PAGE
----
Some Extracts from Peggy Anderson’s Journal
“Twenty Miles to say Goodbye” by Andi Daunt
February 1947 our employers, East African Coffee Plantations, wanted us to move down country to a sister estate, Kiamara in Kiambu for six months. Jim refused, “No, we couldn’t go until later, our baby was due the second week in March, the doctor and hospital were booked ready.” Our little baby son, Hugh, arrived prematurely on 24th February, weighing only five pounds at birth. I didn’t get to see my baby until the next day and spent the entire night worrying that something was terribly wrong with our little premature baby, and that was why they wouldn’t let me see him, but it was simply a misunderstanding between staff changing shifts.
We still had to proceed with the move only two weeks after our return from Eldoret Hospital. It was a nightmare journey with the tiny baby. From the farm in Nandi Hills at 7,200 feet above sea level, down the escarpment to Muhoroni, 4,000 feet. We boarded the train in the afternoon and chugged up to Lumbwa, at over 7,000 feet. Dinner was in the Dak Bungalow and then back on the train and down gradient to Nakuru, another long slow climb to Uplands, 8,500 feet, and finally down into Nairobi. Hugh, by then was as yellow as a china-man. The last section was by truck to Kiambu, only fourteen miles out of Nairobi, but the road was always appalling, and either a foot deep in dust in the dry season or sticky mud in the rains. It took our wee son a long time to recover from jaundice.
Jim and I left our new baby, with friends, Peggy and Syd Outram, and drove down the Nandi Escarpment to meet the Chapmans at a tiny isolated station at 3 o’clock in the morning. The journey back up the steep rugged escarpment wasn’t without adventure, as everyone had to get out at the Twin Bridges and all the many S bends, to push the loaded car. It was dark, lonely, steep, rugged country, and the new arrivals were terrified of snakes and leopards. This was young Teddy’s introduction to Kenya, where he was later to play his part admirably. Up in the Nandi Hills, we stopped for an early breakfast with the Outrams, and my parents were able to meet their grandson. The Chapmans stayed with us on the farm at Savani where Jim was working.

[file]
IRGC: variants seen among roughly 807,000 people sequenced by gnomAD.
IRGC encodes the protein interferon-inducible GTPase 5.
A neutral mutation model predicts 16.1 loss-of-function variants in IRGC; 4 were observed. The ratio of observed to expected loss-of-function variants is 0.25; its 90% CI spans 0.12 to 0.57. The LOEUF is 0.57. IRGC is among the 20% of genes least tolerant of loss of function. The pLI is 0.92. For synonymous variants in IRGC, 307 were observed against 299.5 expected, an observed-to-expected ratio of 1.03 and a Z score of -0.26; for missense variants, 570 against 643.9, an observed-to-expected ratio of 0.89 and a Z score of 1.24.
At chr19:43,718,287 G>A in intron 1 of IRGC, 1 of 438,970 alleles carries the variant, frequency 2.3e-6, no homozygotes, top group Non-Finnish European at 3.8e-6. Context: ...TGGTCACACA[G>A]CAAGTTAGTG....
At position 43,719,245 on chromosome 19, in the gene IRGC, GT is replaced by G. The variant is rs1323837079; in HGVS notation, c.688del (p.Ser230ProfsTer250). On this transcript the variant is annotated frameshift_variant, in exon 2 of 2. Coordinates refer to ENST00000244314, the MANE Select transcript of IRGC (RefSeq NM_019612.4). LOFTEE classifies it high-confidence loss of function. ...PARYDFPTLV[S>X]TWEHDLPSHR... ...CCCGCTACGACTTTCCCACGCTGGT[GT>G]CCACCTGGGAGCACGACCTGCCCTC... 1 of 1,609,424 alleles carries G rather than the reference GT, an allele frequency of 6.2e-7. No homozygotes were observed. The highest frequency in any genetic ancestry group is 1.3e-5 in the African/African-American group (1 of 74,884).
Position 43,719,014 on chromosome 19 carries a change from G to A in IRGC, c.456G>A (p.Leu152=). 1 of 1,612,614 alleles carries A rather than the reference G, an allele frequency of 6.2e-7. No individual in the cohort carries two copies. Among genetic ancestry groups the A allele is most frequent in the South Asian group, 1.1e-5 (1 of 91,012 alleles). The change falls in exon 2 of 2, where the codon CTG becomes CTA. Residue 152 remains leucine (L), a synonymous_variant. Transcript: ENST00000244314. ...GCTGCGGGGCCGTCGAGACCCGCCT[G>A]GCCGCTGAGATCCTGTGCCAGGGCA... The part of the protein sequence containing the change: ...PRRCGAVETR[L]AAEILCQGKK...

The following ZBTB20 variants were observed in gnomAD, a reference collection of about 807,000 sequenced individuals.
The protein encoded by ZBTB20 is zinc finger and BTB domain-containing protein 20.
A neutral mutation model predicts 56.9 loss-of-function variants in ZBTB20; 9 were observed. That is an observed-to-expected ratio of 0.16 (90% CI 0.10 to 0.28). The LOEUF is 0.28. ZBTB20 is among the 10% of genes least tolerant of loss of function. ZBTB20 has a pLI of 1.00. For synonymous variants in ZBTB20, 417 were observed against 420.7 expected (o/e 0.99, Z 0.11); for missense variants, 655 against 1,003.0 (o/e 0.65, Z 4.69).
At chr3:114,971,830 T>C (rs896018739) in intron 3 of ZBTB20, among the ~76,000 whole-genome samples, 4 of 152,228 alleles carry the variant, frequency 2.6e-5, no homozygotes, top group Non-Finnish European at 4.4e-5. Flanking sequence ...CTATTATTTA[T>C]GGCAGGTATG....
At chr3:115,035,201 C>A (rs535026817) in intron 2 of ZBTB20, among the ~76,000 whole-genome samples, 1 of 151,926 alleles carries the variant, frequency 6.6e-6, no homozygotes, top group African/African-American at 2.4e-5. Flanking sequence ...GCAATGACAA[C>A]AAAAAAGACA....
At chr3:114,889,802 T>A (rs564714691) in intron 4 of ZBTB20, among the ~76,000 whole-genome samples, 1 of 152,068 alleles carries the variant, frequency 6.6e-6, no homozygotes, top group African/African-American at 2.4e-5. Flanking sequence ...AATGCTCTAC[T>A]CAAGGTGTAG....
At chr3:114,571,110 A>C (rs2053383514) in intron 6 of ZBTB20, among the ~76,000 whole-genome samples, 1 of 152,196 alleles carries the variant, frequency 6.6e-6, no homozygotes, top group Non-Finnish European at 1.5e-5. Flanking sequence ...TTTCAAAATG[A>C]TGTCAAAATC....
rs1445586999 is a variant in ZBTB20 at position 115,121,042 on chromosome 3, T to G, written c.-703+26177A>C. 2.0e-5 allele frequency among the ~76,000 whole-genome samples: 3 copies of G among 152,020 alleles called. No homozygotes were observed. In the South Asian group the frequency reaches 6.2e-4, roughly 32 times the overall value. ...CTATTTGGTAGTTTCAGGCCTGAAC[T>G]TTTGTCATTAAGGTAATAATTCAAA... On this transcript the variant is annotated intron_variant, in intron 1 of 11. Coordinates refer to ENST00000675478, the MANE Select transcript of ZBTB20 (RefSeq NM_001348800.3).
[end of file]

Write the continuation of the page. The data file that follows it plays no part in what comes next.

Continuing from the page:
My mother, Sue, was a great success in the district and was the life and soul of Christmas and New Year parties. However, it was my father, Arthur who took the dancing honours. Driving home one night, he stopped the car on the grass track to adjust the headlights. Suddenly he was yelling and jumping about, arms waving wildly. Then he ripped off his shirt, trousers and underpants. Sue was horrified, what on earth was he playing at? Arthur was undergoing his African initiation, compliments of siafu – soldier ants that travel in massive armies devouring everything in their path. Anyone unfortunate enough to be standing in their way, soon feels the nasty nips as the ants swarm up your legs and into your clothing at lightning speed. However, to an observer it is usually an amusing sight!
In the New Year, Leonard Foster, a neighbour and pre-war friend of Jim’s, who’d returned to his farm as soon as he was de-mobbed from the R.A.F., decided he needed a holiday. He asked Arthur and Sue to mind his farm, Kaparak, for three weeks while he was away. He brushed aside their protests of ‘no knowledge or experience’ telling them all they’d have to do was look after the animals and supervise the labour. Sue and Arthur duly took responsibility of Kaparak, and the weeks passed, but Leonard Foster did not return to his farm. Animals died, a leopard got into the kitchen creating havoc, and Arthur had to rush himself to Kapsabet Hospital to have dog bites cauterized. Sue was getting very worried. After six weeks a postcard arrived from Leonard. It had been posted in Kingston, Jamaica, and read, “Having a lovely time. See you soon.” It was several more weeks before Leonard reappeared. He nonchalantly remarked, “Why did you worry Sue? Those animals would have died if I’d been here anyway!”